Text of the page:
Ancient Mars May Have Supported Underground Life, Claims New Study

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A new study has found that ancient Mars had an ample supply of key ingredients for microbes to thrive under its surface for millions of years. Lacking energy from sunlight, subterranean microbes on Earth, known as subsurface lithotrophic microbial ecosystems (SliMEs), often get their energy by peeling electrons off molecules in their surrounding environments. Dissolved molecular hydrogen is a great electron donor and is known to fuel SLiMEs on Earth.

If life got a foothold in the Martian subsurface long ago, it could have tapped into a plentiful chemical energy source. That source was hydrogen, generated when radiation split underground water into its constituent parts. And there was probably enough available hydrogen down there to sustain a sizable community of Mars microbes for hundreds of millions of years, starting about 4 billion years ago.

Study lead author Jesse Tarnas, a graduate student at Brown University in Rhode Island, said in a statement that “We showed, based on basic physics and chemistry calculations, that the ancient Martian subsurface likely had enough dissolved hydrogen to power a global subsurface biosphere” and further added, Conditions in this habitable zone would have been similar to places on Earth where underground life exists.”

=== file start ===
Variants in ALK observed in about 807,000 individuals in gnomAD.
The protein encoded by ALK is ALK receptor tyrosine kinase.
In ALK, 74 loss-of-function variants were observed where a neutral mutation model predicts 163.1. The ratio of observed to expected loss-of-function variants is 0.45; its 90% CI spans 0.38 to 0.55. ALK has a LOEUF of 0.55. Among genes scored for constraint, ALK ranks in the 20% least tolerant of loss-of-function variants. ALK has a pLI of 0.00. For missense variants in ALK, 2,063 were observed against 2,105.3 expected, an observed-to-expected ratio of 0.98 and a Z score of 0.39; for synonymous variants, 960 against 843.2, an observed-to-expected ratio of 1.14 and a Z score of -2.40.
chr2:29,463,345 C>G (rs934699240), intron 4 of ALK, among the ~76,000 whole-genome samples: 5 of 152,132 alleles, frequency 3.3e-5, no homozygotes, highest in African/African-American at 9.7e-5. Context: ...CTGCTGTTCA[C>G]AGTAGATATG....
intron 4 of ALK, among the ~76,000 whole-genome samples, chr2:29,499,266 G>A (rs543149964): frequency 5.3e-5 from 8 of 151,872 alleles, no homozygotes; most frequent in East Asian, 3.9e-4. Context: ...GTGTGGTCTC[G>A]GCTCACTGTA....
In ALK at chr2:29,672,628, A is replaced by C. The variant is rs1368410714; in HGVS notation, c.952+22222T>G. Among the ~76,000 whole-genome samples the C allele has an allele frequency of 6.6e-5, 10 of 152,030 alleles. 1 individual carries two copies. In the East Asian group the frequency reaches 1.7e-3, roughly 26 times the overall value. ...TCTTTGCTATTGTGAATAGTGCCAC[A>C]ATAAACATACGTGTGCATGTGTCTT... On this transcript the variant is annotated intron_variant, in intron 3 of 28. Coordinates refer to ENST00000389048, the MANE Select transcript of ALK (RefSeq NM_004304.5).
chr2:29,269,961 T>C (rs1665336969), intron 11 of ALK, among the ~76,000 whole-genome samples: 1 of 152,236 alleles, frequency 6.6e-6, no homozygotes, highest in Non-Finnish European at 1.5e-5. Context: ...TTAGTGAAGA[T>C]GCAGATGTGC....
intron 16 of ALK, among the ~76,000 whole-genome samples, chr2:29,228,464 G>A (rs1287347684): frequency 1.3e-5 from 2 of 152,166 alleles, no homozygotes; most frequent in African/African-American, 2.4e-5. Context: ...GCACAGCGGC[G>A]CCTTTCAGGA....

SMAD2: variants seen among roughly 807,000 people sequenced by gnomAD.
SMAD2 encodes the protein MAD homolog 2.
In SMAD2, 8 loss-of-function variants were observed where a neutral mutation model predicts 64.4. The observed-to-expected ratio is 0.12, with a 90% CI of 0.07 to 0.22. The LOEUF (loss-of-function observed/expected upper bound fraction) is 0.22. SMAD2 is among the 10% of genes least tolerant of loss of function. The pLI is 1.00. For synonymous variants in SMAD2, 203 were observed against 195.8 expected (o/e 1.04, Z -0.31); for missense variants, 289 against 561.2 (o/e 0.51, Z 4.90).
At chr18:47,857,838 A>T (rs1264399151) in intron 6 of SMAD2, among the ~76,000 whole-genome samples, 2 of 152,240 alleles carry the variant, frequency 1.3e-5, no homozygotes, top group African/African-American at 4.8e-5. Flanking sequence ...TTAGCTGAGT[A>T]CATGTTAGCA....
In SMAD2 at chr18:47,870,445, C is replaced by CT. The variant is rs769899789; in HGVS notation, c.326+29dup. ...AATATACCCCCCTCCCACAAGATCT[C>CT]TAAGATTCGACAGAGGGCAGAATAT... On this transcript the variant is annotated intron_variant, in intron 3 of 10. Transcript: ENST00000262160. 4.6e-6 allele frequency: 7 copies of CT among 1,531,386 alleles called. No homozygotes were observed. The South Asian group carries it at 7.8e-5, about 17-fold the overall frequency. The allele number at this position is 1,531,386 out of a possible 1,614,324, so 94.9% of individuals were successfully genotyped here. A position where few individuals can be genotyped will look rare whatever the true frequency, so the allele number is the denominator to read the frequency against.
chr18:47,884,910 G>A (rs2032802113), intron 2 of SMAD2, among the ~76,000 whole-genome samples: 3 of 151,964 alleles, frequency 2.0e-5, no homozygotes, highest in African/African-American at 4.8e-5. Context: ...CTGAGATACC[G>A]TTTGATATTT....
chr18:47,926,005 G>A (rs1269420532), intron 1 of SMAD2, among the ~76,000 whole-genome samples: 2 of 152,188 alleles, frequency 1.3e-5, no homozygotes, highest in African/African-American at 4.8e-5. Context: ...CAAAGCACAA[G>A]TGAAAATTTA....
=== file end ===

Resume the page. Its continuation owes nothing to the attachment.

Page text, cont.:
To find their conclusion, the scientists took data from NASA’s Mars Odyssey spacecraft to map radioactive elements thorium and potassium in the crust of Mars. The findings then allowed the experts to calculate how much uranium would have been in the soil some four billion years ago. As the decay rates of thorium, potassium and uranium are constant on Mars, the scientists were able to calculate how much of these elements were in abundance at the time. They then had to discover how much water there was in the Martian crust, which they did by analyzing rocks on the Red Planet.

The work also has implications for future Mars exploration, suggesting that areas where the ancient subsurface is exposed, might be good places to look for evidence of past life. Since the discovery decades ago of ancient river channels and lake beds on Mars, scientists have been tantalized by the possibility that the red planet may once have hosted life.

Geological evidence suggests there would have been plenty of groundwater bubbling about in the porous rocks of the ancient Martian crust. Researchers conclude that Mars likely had a global subsurface habitable zone several kilometers in thickness. The zone would have persisted for hundreds of millions of years, they said. The study findings were published in the journal Earth and Planetary Science Letters.